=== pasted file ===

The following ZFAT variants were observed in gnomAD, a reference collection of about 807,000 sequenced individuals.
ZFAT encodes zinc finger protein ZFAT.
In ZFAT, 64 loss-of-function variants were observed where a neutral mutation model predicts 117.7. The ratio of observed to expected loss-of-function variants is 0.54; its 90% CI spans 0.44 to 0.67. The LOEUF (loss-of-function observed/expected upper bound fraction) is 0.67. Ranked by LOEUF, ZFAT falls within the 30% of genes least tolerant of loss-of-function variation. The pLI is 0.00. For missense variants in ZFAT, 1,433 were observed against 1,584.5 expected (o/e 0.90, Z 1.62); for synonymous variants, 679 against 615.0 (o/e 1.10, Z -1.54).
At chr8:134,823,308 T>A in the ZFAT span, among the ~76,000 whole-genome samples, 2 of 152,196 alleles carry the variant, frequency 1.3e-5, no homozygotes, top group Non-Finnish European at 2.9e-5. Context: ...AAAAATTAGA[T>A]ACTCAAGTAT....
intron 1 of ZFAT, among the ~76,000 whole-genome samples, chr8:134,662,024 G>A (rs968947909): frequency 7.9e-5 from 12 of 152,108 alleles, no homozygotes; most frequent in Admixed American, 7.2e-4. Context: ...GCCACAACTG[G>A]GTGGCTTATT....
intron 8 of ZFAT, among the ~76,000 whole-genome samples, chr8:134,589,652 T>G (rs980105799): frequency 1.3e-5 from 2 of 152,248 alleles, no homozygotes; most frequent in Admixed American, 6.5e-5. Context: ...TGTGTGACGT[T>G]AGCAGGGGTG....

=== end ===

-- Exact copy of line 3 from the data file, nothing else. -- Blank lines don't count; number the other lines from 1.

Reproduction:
In ZFAT, 64 loss-of-function variants were observed where a neutral mutation model predicts 117.7. The ratio of observed to expected loss-of-function variants is 0.54; its 90% CI spans 0.44 to 0.67. The LOEUF (loss-of-function observed/expected upper bound fraction) is 0.67. Ranked by LOEUF, ZFAT falls within the 30% of genes least tolerant of loss-of-function variation. The pLI is 0.00. For missense variants in ZFAT, 1,433 were observed against 1,584.5 expected (o/e 0.90, Z 1.62); for synonymous variants, 679 against 615.0 (o/e 1.10, Z -1.54).